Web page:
Watching the news reports of the Picture Fire in the Sierra Ancha, my attention was suddenly focused on the evacuation of the Spring Creek ranch.
That is one of the few white spots (homesteads) on the forest map of that area, the place where the Rim country's famous "Slim" Ellison was raised. I was later relieved to learn that the fire veered away from Spring Creek, but what a good time to review some of the history of that rugged country.
Spring Creek is deep in the heart of the Sierra Ancha Mountains. Today it is practically inaccessible to all except "jeepsters"and hikers, it has been the location of many exciting events throughout the days of settlement.
Riding the old mail trail between Gisela and Young one descends into a deep, broad valley cut over eons of time by Spring Creek. It was an ideal location for Tonto Apache Indians to farm and hunt during their three or four hundred-year occupation.
In the summer of 1866 a cavalry unit out of Fort McDowell crossed the Mazatzal Mountains and the Tonto Basin, penetrating the Sierra Ancha. They were led by a detachment of Pima Indian Scouts, who knew the territory from years of staging raids upon the Apaches.
The scouts showed the soldiers a fertile valley with an Apache rancheria and a large farm at its northern end. The month was August and the harvest had already been taken. The camp was temporarily deserted.
The soldiers named the place Meadow Valley, but because their shoes were worn out they retreated.
In October a detachment of soldiers retraced their way to Meadow Valley, which seemed to be a center of Tonto activity and livelihood.
The Military Department of the Pacific planned to establish a military post in this region.
For several days the soldiers explored this stronghold, destroyed Apache villages and stores of food, and killed 15 warriors. Nine women and children were taken prisoner. Once again the soldier's boots had worn out, Apache signal fires burned from the surrounding hills, ambushes awaited at every hand, and one of the lieutenants came down with fever. They returned to Fort McDowell with the recommendation that a military post there was not feasible.
Their commander said that a wagon road into the Sierra Ancha would be impossible and a post in the heart of Tonto country should be established west of there. It was after that the army sought a location for their post in Green Valley (Payson), but determined that also was too far for a supply line. Instead they settled for Camp Reno, a temporary post in Tonto Basin near today's Punkin Center.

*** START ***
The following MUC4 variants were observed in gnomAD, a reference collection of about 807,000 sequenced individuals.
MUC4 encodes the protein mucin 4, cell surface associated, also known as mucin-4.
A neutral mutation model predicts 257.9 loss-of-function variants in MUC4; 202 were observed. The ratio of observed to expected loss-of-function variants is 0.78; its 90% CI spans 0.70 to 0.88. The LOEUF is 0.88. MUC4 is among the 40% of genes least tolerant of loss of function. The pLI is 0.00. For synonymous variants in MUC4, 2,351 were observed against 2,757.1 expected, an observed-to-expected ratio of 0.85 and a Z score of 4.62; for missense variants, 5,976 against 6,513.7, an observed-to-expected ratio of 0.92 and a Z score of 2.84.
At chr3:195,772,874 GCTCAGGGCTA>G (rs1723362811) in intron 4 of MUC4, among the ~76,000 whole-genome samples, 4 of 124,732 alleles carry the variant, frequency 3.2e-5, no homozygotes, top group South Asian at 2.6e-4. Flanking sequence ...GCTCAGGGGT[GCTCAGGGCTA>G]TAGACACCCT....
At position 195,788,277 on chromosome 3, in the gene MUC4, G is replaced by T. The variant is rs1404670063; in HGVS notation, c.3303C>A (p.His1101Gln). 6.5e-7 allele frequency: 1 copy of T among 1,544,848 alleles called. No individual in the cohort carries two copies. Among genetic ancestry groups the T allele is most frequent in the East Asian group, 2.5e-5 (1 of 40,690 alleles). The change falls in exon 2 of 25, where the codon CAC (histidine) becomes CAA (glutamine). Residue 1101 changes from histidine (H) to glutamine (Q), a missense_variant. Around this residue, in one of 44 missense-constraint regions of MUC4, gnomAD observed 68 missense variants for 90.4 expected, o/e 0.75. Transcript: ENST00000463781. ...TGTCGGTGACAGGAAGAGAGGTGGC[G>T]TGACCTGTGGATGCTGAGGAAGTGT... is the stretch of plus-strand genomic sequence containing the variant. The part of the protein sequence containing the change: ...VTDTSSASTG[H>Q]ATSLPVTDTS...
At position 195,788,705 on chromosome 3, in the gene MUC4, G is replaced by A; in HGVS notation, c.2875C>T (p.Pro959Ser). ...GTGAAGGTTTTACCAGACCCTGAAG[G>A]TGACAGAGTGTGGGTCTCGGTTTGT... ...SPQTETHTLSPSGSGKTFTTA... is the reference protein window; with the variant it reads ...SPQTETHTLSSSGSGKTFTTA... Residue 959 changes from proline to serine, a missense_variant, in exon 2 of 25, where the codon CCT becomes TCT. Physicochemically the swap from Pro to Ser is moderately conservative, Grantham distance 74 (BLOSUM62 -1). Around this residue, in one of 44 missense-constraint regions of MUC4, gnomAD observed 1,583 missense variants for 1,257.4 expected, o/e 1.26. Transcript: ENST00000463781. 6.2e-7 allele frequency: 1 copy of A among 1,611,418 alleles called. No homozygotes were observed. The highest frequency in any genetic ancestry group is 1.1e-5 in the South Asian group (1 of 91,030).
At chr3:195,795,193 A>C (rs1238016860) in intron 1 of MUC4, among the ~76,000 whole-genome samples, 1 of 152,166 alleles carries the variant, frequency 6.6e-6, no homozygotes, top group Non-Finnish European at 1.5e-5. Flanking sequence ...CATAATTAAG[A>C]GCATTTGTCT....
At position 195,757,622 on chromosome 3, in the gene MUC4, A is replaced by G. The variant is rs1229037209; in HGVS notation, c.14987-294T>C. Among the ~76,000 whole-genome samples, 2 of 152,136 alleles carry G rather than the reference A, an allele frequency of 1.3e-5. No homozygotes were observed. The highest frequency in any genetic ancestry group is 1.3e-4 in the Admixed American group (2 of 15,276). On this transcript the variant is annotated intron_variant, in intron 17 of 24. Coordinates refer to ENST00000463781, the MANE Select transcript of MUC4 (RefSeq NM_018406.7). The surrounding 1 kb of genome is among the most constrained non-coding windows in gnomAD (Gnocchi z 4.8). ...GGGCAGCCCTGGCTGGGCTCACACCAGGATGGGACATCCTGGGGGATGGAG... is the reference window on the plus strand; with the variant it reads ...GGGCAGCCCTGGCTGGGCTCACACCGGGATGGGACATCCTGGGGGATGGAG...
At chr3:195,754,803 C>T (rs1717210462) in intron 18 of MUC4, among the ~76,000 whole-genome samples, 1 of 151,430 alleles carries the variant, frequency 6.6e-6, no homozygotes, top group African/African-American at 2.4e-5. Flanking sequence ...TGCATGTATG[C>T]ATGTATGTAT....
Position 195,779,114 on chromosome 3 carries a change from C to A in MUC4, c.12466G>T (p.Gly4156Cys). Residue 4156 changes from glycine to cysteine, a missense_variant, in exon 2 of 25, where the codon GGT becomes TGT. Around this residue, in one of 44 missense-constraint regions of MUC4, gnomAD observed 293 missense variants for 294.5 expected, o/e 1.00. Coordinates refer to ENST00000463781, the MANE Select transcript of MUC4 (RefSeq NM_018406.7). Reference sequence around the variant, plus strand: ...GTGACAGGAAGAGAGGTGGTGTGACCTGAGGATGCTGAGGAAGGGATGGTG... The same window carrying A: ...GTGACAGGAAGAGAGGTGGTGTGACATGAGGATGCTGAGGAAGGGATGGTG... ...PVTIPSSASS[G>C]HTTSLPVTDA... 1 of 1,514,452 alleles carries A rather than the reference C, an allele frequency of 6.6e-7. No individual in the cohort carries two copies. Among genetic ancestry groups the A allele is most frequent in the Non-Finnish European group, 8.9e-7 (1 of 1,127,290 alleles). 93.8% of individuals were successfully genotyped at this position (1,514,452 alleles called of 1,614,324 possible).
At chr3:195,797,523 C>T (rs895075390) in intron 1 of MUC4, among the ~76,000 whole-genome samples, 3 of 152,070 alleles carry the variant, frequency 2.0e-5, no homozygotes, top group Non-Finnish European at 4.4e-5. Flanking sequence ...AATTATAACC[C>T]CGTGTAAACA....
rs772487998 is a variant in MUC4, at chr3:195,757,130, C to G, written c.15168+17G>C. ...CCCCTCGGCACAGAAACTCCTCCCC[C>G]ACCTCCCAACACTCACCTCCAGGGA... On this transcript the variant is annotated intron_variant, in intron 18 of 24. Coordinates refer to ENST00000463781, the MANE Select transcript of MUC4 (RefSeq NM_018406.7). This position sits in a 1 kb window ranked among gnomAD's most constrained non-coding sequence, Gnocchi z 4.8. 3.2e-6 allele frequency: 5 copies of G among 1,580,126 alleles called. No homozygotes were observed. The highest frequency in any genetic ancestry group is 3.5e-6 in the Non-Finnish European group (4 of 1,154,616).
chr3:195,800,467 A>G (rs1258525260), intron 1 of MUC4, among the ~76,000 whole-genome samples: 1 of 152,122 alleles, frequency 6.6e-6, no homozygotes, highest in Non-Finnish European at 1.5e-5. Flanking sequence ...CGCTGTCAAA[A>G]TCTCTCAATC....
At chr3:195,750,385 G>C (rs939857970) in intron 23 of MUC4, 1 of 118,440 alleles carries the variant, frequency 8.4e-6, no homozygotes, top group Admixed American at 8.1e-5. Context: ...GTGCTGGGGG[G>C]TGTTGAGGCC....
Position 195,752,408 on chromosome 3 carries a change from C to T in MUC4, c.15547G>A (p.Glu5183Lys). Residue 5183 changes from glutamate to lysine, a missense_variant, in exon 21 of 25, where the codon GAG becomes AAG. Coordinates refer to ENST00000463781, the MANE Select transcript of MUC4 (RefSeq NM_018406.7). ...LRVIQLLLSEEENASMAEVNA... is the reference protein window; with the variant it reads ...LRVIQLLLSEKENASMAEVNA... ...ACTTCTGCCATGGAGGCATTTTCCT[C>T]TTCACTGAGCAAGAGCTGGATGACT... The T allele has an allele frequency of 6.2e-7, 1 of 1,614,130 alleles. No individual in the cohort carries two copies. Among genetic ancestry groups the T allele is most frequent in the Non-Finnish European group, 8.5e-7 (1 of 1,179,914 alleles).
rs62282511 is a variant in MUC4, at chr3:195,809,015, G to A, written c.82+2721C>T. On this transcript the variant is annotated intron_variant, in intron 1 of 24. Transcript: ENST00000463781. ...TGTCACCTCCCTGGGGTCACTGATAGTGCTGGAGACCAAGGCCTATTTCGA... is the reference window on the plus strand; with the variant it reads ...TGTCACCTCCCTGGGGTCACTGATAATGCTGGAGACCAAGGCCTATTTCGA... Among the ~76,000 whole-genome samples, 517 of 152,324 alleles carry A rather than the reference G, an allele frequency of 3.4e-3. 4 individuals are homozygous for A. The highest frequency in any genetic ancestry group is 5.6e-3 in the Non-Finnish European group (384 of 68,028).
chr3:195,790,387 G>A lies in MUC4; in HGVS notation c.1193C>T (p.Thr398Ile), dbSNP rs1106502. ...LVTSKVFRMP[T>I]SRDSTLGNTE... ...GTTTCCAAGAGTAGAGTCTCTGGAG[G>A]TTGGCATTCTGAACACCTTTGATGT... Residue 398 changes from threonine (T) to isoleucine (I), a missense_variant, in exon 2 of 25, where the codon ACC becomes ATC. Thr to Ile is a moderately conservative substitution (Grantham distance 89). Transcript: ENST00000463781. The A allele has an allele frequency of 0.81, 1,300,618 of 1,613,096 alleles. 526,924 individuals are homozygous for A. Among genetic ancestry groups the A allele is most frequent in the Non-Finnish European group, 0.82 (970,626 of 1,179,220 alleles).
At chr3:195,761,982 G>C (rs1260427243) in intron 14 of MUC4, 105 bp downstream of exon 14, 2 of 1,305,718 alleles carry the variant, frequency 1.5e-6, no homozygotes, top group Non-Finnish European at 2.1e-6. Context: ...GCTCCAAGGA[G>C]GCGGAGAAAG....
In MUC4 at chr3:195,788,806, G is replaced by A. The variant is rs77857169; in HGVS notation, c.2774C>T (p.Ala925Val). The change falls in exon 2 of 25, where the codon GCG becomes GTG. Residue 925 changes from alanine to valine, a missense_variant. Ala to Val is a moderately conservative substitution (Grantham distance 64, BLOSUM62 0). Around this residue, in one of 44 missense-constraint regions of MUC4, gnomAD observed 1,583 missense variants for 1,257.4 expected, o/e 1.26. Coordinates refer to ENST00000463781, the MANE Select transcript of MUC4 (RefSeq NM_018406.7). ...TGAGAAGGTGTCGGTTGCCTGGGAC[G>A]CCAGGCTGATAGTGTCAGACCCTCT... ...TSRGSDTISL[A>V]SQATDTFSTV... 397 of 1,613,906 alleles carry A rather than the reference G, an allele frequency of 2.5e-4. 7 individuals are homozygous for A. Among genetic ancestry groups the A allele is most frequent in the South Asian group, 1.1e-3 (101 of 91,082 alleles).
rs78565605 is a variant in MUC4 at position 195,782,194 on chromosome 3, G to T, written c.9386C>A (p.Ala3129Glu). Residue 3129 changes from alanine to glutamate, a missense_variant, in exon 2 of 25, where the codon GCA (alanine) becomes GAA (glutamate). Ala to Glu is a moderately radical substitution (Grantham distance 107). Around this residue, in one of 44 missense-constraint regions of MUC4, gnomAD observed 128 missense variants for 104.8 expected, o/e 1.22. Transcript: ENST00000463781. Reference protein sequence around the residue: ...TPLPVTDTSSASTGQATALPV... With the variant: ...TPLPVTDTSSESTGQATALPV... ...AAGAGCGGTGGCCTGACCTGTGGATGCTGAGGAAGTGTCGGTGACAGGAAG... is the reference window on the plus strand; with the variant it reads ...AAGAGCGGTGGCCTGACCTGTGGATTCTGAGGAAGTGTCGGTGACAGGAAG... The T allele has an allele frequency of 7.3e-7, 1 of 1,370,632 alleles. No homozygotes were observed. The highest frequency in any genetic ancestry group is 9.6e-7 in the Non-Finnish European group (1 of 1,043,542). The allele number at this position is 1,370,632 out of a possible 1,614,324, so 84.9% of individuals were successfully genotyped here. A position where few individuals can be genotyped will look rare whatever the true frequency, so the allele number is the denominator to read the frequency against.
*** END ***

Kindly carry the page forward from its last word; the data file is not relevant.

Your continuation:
Throughout the Apache War the U.S. Army continued to search out Meadow Valley and surrounding Indian camps. After the war was over, Meadow Valley became a prime spot for homesteaders. By 1880 a Canadian named Louis O. Houdon built a cabin there as he prospected and mined the surrounding mountain. The mountain was subsequently named after him.
When the Apache raiders broke out of the reservation in 1882, Houdon was visiting the Sixby Ranch (later spelled Sigsbee) on Haigler Creek. The Indians came that way to steal horses, and the raiders killed Houdon as well as Charlie Sixby.
An Army detachment and Indian scouts pursuing the raiders were camped at the Houdon ranch when the surviving Sixby brother came for them and took them to see the devastation left by the raiders. (Thrapp in his book "Sieber" says Sixby found the army encamped at Rye, and took them to his ranch from there, page 247.)
Once again, in the fall of 1887, the ranch on Spring Creek became the scene of violence. It was near the opening of the Pleasant Valley War when a skirmish in that feud took place at the Houdon cabin. Local ranchers were using the cabin as a range camp, and Louis Naeglin, Tom Watley and Al Rose were there. It was the morning of Nov. 1 when Al Rose went out as the others were fixing breakfast. He yelled back that somebody was after their horses.
Tom and Louis ran out in time to see Al Rose shot and killed by an unidentified assailant. It was one of the early killings in that feud which lasted many years.
By 1898 Col. Jesse Ellison had claimed the Spring Creek valley and was running cattle there. His son Perl, father of the author Glenn "Slim" Ellison, settled the Spring Creek Ranch, and the father and son struck gold in some of Houdon's old mines at the north end of the valley.
In 1903 one of Jesse Ellison's wranglers, Carrel Wilbanks, bought a portion of Ellison's Spring Creek claim, and brought to it his "Flying W" brand. Carrel Wilbanks, who was nicknamed "Andy," married Ruth Stewart, daughter of the Payson Sam Stewarts. The Wilbanks family ran 4,000 head of cattle, and their spread included Soldier Camp, Bread Pan and Spring Creek, all places you can find on the forest map.
On June 7, 1922 Andy Wilbanks was shot and killed near Spring Creek while driving 1,000 head of cattle to the railhead in Holbrook. One of our researchers into Flying W history has correspondence from a Wilbanks relative in Texas that says, "Carrel Sr. who owned the ranch was shot and killed by his brother William on a cattle drive. William got off without serving jail time but caused a split in the family." Well, that's a tidbit for another story.
Carrel Wilbanks Jr. was 17 when his dad was killed. He took charge of the cattle drive, getting them safely to Holbrook. He then took over the ranch and cared for the family, finally buying out all of his father's land and cattle. Carrel Jr. married Leslie Greer, and he died in 1977. Both father and son are buried in the Payson Pioneer Cemetery.
The Flying W Ranch was owned by a series of seven owners after Carrell Jr. sold it in 1948. The present owner, Michael J. Frey, has the ranch for sale along with a very modern house he built not far from the old Houdon cabin which still stands. This historic valley, nestled deep in the Sierra Ancha, was spared from the fire that raged from Picture Mountain.